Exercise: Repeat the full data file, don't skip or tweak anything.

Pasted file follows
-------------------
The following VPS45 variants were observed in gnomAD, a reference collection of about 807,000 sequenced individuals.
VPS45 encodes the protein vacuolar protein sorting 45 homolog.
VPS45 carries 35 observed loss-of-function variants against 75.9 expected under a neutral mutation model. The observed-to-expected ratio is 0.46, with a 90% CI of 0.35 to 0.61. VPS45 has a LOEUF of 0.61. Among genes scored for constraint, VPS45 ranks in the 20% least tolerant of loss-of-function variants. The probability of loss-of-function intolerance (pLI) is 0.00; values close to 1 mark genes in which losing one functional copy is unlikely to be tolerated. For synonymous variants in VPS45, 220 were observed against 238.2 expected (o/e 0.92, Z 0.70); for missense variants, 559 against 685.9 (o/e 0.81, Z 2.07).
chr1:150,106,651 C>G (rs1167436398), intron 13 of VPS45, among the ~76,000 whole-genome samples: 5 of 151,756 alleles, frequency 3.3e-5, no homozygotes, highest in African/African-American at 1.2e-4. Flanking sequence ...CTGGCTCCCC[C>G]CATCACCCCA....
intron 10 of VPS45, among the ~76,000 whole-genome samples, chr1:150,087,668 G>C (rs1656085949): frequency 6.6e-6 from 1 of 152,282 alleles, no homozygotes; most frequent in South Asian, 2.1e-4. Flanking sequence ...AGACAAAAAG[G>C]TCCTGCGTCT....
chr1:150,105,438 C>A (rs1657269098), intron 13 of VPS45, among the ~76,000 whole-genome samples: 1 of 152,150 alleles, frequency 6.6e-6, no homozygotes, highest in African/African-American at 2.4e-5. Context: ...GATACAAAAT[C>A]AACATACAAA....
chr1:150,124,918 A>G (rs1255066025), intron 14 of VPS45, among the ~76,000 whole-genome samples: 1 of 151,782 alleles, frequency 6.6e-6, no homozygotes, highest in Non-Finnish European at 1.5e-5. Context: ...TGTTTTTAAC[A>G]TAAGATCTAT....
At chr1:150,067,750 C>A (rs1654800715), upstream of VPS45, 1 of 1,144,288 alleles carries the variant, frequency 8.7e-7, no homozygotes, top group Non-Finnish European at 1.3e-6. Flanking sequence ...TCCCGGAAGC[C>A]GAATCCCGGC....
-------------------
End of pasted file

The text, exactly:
The following VPS45 variants were observed in gnomAD, a reference collection of about 807,000 sequenced individuals.
VPS45 encodes the protein vacuolar protein sorting 45 homolog.
VPS45 carries 35 observed loss-of-function variants against 75.9 expected under a neutral mutation model. The observed-to-expected ratio is 0.46, with a 90% CI of 0.35 to 0.61. VPS45 has a LOEUF of 0.61. Among genes scored for constraint, VPS45 ranks in the 20% least tolerant of loss-of-function variants. The probability of loss-of-function intolerance (pLI) is 0.00; values close to 1 mark genes in which losing one functional copy is unlikely to be tolerated. For synonymous variants in VPS45, 220 were observed against 238.2 expected (o/e 0.92, Z 0.70); for missense variants, 559 against 685.9 (o/e 0.81, Z 2.07).
chr1:150,106,651 C>G (rs1167436398), intron 13 of VPS45, among the ~76,000 whole-genome samples: 5 of 151,756 alleles, frequency 3.3e-5, no homozygotes, highest in African/African-American at 1.2e-4. Flanking sequence ...CTGGCTCCCC[C>G]CATCACCCCA....
intron 10 of VPS45, among the ~76,000 whole-genome samples, chr1:150,087,668 G>C (rs1656085949): frequency 6.6e-6 from 1 of 152,282 alleles, no homozygotes; most frequent in South Asian, 2.1e-4. Flanking sequence ...AGACAAAAAG[G>C]TCCTGCGTCT....
chr1:150,105,438 C>A (rs1657269098), intron 13 of VPS45, among the ~76,000 whole-genome samples: 1 of 152,150 alleles, frequency 6.6e-6, no homozygotes, highest in African/African-American at 2.4e-5. Context: ...GATACAAAAT[C>A]AACATACAAA....
chr1:150,124,918 A>G (rs1255066025), intron 14 of VPS45, among the ~76,000 whole-genome samples: 1 of 151,782 alleles, frequency 6.6e-6, no homozygotes, highest in Non-Finnish European at 1.5e-5. Context: ...TGTTTTTAAC[A>G]TAAGATCTAT....
At chr1:150,067,750 C>A (rs1654800715), upstream of VPS45, 1 of 1,144,288 alleles carries the variant, frequency 8.7e-7, no homozygotes, top group Non-Finnish European at 1.3e-6. Flanking sequence ...TCCCGGAAGC[C>A]GAATCCCGGC....